If this is to become a one-way street where we must listen to our "betters" and take it like sheep, you can ban me first and I hope Michael shuts it down.  It would have lost any value it ever had.
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john beardsworth
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« Reply #63 on: January 31, 2012, 05:36:38 AM »
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"Mummy is unfortunatly needed when the boys behave as childs and can't understand limits...that's the all issue. "

I'm sure Michael can decide for himself. Crying to Mummy is insulting to those who do think it worth continuing - and I say that as one who thinks the thread began its existence as a waste of space and soon degenerated into an ex-discussion of Norwegian Blue proportions. Just let it die, read something else.
« Last Edit: January 31, 2012, 05:40:53 AM by johnbeardy » Logged

michael
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« Reply #64 on: January 31, 2012, 08:26:45 AM »
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Tell you what. The thread stays open, but only so long as nothing already mentioned (ad nausium) is mentioned again. Then the thread is closed, along with other new threads intended to reopen it.

That includes mention of 6 stops dynamic range, audio cables, and such. Maybe in a few weeks we can relax that rule, but right now the Mummy is at the end of her patience.

Michael
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dmerger
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« Reply #65 on: January 31, 2012, 11:07:52 AM »
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... if Mark wanted to sue some of you guys for libel, he would have a case.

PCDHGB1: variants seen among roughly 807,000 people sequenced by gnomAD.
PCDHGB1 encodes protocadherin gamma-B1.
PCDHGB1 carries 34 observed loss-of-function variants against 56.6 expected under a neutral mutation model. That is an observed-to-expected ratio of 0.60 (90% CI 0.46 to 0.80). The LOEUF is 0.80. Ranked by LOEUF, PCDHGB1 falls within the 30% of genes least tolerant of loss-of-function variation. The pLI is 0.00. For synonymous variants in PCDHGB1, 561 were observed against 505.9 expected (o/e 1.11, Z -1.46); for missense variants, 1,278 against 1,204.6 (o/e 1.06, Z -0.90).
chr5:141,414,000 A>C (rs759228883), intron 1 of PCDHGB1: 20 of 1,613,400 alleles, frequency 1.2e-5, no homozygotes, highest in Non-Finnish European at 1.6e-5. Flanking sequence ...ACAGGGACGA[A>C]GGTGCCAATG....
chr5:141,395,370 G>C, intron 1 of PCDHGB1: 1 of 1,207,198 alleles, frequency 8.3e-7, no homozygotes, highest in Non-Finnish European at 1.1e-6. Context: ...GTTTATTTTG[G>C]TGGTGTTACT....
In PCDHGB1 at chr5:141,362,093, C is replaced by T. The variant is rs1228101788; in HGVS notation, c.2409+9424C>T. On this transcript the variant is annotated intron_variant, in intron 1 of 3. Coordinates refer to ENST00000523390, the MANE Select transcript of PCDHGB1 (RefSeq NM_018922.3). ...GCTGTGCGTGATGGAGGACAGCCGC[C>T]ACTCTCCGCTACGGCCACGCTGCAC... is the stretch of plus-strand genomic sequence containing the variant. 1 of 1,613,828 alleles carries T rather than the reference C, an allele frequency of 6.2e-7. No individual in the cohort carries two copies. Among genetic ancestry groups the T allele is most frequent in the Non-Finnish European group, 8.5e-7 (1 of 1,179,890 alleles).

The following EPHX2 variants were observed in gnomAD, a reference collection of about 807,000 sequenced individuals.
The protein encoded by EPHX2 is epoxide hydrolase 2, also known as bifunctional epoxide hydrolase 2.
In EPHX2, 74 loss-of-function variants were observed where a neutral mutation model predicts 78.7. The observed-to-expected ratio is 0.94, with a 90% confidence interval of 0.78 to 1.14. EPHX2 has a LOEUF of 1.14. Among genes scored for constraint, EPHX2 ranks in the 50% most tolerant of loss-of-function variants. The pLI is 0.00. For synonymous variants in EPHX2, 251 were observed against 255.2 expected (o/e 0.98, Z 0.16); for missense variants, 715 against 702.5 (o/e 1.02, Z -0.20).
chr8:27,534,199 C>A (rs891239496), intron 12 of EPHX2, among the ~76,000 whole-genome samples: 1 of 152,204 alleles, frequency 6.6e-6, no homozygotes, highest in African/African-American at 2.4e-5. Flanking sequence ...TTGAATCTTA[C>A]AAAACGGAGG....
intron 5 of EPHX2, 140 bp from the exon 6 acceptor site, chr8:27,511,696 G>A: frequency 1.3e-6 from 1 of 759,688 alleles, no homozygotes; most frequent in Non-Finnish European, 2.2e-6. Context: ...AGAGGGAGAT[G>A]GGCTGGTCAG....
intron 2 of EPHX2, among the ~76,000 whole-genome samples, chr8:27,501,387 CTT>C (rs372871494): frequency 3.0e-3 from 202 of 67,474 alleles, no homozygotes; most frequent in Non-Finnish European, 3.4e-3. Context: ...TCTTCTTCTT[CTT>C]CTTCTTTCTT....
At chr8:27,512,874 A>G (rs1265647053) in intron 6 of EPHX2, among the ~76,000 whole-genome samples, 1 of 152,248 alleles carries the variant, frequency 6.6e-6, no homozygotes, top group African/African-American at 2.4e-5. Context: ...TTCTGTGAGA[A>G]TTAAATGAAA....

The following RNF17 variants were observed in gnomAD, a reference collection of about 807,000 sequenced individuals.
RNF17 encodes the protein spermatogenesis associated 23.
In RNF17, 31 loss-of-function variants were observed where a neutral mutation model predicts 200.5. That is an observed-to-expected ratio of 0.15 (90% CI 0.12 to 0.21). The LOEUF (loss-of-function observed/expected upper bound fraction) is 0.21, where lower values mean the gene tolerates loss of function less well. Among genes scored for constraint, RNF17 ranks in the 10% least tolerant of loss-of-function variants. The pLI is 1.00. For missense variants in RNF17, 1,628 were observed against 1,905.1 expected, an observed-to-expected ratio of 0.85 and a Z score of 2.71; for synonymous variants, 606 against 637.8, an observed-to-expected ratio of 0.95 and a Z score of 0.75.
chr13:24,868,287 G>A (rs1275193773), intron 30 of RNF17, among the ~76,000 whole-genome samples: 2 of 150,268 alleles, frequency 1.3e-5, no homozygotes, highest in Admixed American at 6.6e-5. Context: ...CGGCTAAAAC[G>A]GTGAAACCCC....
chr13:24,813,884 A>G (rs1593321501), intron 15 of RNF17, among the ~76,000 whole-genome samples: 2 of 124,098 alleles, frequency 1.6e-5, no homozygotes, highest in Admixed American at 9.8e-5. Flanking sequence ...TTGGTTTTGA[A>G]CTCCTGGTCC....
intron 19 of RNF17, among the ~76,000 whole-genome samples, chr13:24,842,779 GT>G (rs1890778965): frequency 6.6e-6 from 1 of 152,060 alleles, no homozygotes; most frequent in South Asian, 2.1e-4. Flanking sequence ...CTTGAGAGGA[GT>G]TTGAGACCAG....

What I am saying is quite simple: before you make an accusation, you should know what you're talking about, and in detail.

John, you may want to be more cautious about making accusations of libel.  Nothing posted on this forum about Mark’s article even remotely resembles libel. Moreover, it doesn’t look very good when you make uninformed, false accusations of libel in the same thread where you write “before you make an accusation, you should know what you're talking about, and in detail.”
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« Reply #66 on: January 31, 2012, 12:49:25 PM »
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Very interesting piece in The Economist on cognitive bias of forensic medical examiners.
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hjulenissen
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« Reply #67 on: January 31, 2012, 01:48:07 PM »
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Since this thread is titled "open letter to michael", and that part seems to be sorted out now, I suggest that it is left alone, and separate threads are started in "About this site" or "The coffee corner" on those matters pertaining to the Mark article that are allowed for discussion.

-h
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Farmer
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« Reply #68 on: January 31, 2012, 04:10:16 PM »
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John, you may want to be more cautious about making accusations of libel.  Nothing posted on this forum about Mark’s article even remotely resembles libel. Moreover, it doesn’t look very good when you make uninformed, false accusations of libel in the same thread where you write “before you make an accusation, you should know what you're talking about, and in detail.”

As a journo, John probably knows quite a bit about libel.  Of course, the key point here is that it depends upon jurisdiction.  What's OK in Texas could be criminal in New South Wales and vice versa :-)